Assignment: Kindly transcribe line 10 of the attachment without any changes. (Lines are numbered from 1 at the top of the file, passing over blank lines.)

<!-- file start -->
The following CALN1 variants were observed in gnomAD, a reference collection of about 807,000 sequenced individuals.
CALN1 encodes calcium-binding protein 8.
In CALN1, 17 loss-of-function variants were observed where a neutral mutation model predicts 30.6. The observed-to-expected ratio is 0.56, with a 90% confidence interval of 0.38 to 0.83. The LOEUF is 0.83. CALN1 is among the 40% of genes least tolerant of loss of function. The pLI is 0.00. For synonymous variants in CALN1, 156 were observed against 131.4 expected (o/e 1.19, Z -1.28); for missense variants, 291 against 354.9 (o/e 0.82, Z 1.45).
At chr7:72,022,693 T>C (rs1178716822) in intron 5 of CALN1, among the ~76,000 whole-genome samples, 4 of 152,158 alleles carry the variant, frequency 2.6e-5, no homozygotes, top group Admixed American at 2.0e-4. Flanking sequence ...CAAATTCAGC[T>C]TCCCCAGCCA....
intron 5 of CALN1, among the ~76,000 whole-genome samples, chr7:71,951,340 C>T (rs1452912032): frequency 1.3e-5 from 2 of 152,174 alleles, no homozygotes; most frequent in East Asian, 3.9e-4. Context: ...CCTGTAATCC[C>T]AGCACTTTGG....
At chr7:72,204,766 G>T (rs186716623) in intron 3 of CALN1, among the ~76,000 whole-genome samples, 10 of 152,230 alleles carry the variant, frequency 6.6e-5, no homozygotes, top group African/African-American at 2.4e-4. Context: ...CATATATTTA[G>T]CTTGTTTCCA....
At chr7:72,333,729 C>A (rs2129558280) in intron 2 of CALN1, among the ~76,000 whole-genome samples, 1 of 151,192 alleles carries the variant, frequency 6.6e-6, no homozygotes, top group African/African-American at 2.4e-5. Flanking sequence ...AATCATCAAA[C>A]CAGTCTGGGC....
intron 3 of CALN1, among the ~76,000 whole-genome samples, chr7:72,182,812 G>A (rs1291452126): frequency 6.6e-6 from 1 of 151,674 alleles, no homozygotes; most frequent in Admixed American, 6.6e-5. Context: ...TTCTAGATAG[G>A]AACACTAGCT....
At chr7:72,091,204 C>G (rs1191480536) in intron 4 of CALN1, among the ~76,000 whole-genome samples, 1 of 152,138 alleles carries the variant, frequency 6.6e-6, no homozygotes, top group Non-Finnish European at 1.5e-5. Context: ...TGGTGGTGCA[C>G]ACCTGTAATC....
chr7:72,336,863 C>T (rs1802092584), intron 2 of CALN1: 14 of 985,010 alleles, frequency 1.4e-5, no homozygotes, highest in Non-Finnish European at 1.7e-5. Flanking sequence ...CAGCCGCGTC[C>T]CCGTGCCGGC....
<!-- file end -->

chr7:72,336,863 C>T (rs1802092584), intron 2 of CALN1: 14 of 985,010 alleles, frequency 1.4e-5, no homozygotes, highest in Non-Finnish European at 1.7e-5. Flanking sequence ...CAGCCGCGTC[C>T]CCGTGCCGGC....